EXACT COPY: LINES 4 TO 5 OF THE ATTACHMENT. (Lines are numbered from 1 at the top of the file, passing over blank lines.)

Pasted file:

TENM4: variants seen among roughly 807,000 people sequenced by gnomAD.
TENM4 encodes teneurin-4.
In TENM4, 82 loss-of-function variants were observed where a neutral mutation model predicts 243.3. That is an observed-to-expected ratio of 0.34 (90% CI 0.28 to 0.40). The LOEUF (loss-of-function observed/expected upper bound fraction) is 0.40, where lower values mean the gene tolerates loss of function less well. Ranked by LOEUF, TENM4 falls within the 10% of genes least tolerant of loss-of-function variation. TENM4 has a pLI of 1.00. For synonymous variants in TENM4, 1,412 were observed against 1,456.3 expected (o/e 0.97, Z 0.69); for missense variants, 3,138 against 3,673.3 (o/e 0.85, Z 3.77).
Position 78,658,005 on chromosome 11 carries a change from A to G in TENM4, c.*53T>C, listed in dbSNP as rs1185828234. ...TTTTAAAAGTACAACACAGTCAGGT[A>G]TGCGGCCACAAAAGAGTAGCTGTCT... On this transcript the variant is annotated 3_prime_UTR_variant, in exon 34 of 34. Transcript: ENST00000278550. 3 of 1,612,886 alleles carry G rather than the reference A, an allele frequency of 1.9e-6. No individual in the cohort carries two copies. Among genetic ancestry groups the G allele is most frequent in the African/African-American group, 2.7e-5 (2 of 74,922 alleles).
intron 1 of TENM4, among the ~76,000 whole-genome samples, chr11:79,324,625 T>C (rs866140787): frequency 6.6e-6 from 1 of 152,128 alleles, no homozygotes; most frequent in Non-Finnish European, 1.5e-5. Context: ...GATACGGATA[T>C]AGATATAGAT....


Position 78,658,005 on chromosome 11 carries a change from A to G in TENM4, c.*53T>C, listed in dbSNP as rs1185828234. ...TTTTAAAAGTACAACACAGTCAGGT[A>G]TGCGGCCACAAAAGAGTAGCTGTCT... On this transcript the variant is annotated 3_prime_UTR_variant, in exon 34 of 34. Transcript: ENST00000278550. 3 of 1,612,886 alleles carry G rather than the reference A, an allele frequency of 1.9e-6. No individual in the cohort carries two copies. Among genetic ancestry groups the G allele is most frequent in the African/African-American group, 2.7e-5 (2 of 74,922 alleles).
intron 1 of TENM4, among the ~76,000 whole-genome samples, chr11:79,324,625 T>C (rs866140787): frequency 6.6e-6 from 1 of 152,128 alleles, no homozygotes; most frequent in Non-Finnish European, 1.5e-5. Context: ...GATACGGATA[T>C]AGATATAGAT....